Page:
When I was young, my mom would take my sister and me to see Gilbert & Sullivan productions. If you’re unfamiliar with Gilbert & Sullivan’s work, they wrote comic operettas in the late 19th century and they are silly beyond silly. Each is set in fanciful “topsy-turvy” worlds where faux dramas unfold in absurd plot lines and usually end up various cases of mistaken identity and babies switched in their cradles and mostly everybody gets married in the end. I loved them when I was a kid and I love them now.
My mom was clever about the way she introduced us to these hundred-year-old musicals. Before we went to see The Mikado or H.M.S. Pinafore, Mom would get out the soundtracks of the shows and we’d listen to them. She’d explain the crazy stories and point out the jokes in the lyrics. Her (smart as a whip) idea was that the more familiar we were with what we were going to see, the more fun we would have. And she was right.
This week’s focus is a quote from one of my favorite G&S songs, “With Cat-Like Tread” from The Pirates of Penzance. If you don’t know it (and even if you do), here’s a version with Kevin Kline as the leader of a gang of pirates who are stealthily sneaking up on the Major General’s house to seek revenge:
Even now, as many times as I’ve heard this, I get to giggling as they stomp around the stage and sing at the tops of their lungs about how they’re going to silently sneak up on their unsuspecting victim.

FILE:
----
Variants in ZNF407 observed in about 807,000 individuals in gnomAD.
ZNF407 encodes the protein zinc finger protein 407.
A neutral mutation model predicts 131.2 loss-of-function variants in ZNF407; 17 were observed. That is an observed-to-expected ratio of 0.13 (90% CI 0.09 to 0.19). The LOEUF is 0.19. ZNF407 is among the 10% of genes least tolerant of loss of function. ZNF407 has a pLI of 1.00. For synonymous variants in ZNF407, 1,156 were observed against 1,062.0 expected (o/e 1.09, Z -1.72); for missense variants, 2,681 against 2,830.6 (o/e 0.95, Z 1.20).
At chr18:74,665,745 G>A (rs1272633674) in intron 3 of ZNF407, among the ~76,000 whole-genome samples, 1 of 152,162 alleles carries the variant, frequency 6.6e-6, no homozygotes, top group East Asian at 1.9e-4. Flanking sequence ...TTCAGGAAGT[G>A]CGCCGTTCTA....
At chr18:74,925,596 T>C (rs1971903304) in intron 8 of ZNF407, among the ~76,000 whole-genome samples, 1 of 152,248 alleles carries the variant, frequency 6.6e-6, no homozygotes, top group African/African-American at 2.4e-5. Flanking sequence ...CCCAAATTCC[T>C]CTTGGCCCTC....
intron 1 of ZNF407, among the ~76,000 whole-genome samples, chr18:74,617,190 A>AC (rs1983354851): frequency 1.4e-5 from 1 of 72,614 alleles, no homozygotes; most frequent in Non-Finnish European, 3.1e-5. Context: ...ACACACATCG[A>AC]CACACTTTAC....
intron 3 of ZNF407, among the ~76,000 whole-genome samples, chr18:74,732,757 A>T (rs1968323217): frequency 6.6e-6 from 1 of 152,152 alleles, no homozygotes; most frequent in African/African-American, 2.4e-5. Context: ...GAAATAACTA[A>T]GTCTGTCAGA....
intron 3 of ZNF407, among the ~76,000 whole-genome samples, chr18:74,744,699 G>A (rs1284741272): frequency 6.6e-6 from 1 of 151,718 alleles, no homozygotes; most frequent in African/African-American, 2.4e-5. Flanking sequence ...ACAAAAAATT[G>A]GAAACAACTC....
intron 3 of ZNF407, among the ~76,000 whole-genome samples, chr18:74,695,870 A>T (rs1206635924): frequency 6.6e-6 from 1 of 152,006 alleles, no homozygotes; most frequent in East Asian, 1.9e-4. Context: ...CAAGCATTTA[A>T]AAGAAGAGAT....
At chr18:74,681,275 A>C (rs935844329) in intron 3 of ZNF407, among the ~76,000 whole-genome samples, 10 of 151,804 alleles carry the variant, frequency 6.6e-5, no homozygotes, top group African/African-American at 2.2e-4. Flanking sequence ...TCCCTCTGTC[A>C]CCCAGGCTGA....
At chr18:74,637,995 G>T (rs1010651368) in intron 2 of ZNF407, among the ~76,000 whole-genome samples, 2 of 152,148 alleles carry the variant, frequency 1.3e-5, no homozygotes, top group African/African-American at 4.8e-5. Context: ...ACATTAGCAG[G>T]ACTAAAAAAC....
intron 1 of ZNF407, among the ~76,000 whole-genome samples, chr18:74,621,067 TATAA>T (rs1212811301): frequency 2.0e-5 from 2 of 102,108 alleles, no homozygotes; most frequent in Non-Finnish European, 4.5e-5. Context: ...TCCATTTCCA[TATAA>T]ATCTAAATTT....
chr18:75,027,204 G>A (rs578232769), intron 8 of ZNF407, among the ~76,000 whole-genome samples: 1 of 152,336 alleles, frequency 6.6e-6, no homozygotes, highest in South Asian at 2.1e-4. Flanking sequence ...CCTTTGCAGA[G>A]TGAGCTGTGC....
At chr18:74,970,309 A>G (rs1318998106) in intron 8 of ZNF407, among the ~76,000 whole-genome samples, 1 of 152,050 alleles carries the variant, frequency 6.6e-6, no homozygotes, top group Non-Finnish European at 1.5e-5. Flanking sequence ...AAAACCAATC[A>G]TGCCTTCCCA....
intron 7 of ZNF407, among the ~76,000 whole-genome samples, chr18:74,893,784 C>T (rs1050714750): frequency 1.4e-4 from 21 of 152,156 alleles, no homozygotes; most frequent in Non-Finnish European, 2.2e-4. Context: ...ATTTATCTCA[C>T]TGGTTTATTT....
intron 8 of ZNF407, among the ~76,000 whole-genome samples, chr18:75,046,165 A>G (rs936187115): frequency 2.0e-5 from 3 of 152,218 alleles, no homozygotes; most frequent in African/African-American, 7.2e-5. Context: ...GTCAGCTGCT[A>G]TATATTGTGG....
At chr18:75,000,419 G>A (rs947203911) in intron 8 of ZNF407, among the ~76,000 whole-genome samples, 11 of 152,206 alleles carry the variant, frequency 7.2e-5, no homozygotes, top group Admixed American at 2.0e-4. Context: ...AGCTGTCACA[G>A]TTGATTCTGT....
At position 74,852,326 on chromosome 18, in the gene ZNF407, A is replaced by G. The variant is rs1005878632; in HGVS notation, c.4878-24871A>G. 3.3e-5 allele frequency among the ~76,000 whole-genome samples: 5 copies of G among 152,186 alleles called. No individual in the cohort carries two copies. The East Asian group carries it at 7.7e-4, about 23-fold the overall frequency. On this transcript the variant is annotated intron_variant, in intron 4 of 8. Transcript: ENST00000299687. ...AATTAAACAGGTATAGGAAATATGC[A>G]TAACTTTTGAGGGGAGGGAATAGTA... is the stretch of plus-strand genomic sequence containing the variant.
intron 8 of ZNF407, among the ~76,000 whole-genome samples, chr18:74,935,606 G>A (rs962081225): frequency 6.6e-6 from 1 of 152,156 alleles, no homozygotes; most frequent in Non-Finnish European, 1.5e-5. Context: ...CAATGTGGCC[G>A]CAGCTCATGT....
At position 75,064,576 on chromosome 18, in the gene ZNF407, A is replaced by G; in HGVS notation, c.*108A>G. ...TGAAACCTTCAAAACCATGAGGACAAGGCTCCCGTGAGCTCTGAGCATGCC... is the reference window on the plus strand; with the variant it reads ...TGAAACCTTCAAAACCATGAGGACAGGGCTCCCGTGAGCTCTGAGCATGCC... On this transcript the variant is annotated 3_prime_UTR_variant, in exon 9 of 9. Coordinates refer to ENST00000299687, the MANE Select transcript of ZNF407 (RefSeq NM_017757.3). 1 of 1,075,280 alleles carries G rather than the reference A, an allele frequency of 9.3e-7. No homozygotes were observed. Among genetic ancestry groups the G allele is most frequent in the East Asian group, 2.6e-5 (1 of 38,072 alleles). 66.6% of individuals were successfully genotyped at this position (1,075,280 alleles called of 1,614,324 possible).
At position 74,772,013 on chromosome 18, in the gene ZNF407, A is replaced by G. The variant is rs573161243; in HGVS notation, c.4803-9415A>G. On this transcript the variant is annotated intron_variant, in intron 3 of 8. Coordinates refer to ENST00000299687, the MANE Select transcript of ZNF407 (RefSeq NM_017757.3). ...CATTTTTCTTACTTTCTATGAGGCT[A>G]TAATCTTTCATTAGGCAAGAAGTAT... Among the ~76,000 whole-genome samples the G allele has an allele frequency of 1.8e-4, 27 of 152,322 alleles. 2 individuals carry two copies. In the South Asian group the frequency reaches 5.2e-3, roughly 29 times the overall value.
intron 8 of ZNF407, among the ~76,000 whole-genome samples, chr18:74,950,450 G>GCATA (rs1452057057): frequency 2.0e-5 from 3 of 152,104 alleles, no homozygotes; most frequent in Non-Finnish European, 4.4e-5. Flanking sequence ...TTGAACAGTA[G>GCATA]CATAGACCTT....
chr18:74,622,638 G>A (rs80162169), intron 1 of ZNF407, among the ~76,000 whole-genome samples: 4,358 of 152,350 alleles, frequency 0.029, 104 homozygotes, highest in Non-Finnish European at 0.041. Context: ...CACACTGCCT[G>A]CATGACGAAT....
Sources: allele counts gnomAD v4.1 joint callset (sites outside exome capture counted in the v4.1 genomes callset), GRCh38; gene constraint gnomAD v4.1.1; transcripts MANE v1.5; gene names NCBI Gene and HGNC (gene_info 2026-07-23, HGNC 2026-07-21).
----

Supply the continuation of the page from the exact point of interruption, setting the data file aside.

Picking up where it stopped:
Funny thing, but I often find the same thing happening to me in Nia: I get excited and enthusiastic about the enterprise and I don’t realize that I’m stomping my feet heavily as I dance. And I’m not alone, it’s one of the most common things that Nia students do, this stomping thing. Ever notice it in yourself or someone dancing near you?
The story goes that when people started doing aerobic exercise, they did it barefoot. They jumped up and down a lot and many injured their feet with stress fractures and the like. So the athletic footwear industry started designing aerobics shoes with lots of padding so aerobics could continue bouncing along without changing their movement. The sneakers got fancier and fancier with air pockets and springy material, but most people didn’t question the WAY they were moving.
One of the many revolutionary things Debbie and Carlos did when they created Nia was to question everything they were doing in traditional aerobics. They believed they could get fit and stay injury-free by using the grounded and mindful movement of dance, martial and healing arts. So one of the first things they did was take off their shoes and stepped (and kicked and danced and eventually, jumped) with awareness.
This week we’ll be dancing the explosive and exciting Firedance (on Wednesday, March 14 at 1045am at ACAC Albemarle Square, for those in Cville), and I thought it would be an excellent opportunity to remind ourselves not to get carried away with the enthusiasm of the moment, not to get all Pirates of Penzance with our dance, but do really, truly step with cat-like tread. Even when we are totally excited about the movement. Even when the music is fast. Even when we jump.